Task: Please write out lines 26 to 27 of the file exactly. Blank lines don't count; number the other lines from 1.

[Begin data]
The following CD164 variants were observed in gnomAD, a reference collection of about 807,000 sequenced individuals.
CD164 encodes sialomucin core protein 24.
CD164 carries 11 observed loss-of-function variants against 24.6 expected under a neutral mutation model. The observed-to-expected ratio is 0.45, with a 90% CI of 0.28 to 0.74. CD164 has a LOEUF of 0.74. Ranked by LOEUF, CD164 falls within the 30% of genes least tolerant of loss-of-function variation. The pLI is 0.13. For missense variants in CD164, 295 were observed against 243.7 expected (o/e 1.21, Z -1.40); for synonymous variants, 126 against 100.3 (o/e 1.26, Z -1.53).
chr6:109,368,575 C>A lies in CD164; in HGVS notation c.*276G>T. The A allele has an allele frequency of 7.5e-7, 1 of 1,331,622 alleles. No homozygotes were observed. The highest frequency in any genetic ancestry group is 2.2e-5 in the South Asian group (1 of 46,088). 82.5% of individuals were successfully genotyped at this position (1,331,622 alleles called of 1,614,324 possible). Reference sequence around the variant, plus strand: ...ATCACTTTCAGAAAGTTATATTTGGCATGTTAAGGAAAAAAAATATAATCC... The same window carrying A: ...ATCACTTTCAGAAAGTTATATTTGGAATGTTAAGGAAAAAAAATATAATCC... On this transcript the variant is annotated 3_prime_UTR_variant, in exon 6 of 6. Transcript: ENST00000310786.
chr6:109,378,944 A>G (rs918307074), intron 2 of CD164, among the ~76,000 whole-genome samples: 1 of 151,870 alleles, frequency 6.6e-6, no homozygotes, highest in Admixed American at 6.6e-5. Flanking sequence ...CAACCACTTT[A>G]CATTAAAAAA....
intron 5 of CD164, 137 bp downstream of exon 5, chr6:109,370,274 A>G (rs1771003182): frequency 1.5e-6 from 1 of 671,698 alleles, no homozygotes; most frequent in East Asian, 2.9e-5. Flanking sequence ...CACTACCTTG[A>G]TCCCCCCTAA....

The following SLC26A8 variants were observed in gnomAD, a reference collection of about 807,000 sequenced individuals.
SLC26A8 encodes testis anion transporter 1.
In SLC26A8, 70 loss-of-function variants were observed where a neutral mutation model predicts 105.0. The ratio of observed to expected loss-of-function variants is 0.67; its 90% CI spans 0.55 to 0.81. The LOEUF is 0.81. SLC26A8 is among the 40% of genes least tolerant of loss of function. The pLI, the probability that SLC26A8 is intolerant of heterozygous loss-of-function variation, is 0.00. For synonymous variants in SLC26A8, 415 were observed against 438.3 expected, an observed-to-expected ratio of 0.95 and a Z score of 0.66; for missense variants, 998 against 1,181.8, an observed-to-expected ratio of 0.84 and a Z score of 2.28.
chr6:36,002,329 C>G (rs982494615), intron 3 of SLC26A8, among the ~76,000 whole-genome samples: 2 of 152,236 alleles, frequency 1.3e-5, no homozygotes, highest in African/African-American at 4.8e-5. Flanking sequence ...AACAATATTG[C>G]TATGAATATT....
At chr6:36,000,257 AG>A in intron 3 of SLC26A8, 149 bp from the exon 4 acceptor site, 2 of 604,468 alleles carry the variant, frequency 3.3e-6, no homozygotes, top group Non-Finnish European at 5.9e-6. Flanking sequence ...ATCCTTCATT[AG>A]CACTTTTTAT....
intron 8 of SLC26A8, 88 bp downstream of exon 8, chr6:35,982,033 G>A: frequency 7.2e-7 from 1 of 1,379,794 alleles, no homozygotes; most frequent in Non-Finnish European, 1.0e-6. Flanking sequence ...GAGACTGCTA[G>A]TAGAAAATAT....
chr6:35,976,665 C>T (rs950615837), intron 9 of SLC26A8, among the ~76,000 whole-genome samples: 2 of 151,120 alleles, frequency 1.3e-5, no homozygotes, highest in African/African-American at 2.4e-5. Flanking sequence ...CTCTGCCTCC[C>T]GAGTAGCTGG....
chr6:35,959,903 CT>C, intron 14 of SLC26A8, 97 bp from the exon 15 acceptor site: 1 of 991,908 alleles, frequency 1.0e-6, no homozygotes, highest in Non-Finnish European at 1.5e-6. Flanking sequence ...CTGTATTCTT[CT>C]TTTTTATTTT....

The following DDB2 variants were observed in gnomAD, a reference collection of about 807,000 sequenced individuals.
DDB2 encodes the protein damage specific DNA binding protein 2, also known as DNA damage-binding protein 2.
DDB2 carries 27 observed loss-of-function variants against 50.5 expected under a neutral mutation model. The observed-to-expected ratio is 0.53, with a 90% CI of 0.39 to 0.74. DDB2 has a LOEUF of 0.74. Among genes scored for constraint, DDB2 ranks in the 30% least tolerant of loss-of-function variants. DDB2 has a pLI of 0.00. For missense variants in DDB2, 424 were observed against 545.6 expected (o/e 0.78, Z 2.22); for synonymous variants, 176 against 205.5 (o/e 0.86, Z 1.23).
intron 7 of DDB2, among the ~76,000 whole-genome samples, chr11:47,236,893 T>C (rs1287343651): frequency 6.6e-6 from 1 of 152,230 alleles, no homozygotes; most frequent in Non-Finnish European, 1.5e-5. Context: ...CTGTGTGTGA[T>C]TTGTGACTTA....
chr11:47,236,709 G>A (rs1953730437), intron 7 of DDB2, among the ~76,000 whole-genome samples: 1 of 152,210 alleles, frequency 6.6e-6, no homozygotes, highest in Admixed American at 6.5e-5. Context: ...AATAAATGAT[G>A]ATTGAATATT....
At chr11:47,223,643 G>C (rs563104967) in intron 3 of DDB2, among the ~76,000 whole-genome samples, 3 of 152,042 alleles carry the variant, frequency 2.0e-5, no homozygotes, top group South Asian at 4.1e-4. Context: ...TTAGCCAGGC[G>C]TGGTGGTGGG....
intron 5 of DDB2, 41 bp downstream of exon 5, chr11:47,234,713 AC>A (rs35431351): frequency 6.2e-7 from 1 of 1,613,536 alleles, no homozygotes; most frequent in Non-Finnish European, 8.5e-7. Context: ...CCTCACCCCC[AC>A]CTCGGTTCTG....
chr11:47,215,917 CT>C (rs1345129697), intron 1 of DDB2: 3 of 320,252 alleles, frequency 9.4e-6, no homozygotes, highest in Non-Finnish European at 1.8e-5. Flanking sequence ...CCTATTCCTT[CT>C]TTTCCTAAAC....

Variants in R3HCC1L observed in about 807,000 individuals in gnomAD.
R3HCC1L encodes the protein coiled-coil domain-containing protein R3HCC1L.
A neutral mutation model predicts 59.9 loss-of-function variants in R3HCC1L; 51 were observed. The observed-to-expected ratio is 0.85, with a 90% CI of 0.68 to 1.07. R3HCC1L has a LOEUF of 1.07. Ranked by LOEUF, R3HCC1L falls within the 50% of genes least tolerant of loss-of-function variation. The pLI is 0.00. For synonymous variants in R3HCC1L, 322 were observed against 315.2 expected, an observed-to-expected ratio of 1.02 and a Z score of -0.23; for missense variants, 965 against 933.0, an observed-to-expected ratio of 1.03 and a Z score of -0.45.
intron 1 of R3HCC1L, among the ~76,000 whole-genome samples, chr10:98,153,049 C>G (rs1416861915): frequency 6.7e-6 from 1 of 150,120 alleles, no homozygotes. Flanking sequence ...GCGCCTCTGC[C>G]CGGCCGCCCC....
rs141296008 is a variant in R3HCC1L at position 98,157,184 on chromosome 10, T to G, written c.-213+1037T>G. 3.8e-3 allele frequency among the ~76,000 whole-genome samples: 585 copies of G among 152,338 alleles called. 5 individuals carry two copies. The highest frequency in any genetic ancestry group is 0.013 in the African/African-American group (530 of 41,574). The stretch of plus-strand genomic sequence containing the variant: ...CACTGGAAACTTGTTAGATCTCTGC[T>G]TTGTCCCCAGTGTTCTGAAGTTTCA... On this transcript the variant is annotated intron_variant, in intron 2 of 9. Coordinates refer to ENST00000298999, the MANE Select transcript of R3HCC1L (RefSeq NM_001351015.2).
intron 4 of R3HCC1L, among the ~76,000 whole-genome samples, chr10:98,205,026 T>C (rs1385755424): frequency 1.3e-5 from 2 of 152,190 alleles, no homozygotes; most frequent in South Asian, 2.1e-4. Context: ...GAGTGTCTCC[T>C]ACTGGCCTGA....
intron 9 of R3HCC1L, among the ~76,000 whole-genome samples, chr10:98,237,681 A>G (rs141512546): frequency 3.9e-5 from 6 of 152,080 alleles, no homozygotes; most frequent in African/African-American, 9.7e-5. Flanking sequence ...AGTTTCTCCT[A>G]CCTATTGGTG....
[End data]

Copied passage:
intron 1 of R3HCC1L, among the ~76,000 whole-genome samples, chr10:98,153,049 C>G (rs1416861915): frequency 6.7e-6 from 1 of 150,120 alleles, no homozygotes. Flanking sequence ...GCGCCTCTGC[C>G]CGGCCGCCCC....
rs141296008 is a variant in R3HCC1L at position 98,157,184 on chromosome 10, T to G, written c.-213+1037T>G. 3.8e-3 allele frequency among the ~76,000 whole-genome samples: 585 copies of G among 152,338 alleles called. 5 individuals carry two copies. The highest frequency in any genetic ancestry group is 0.013 in the African/African-American group (530 of 41,574). The stretch of plus-strand genomic sequence containing the variant: ...CACTGGAAACTTGTTAGATCTCTGC[T>G]TTGTCCCCAGTGTTCTGAAGTTTCA... On this transcript the variant is annotated intron_variant, in intron 2 of 9. Coordinates refer to ENST00000298999, the MANE Select transcript of R3HCC1L (RefSeq NM_001351015.2).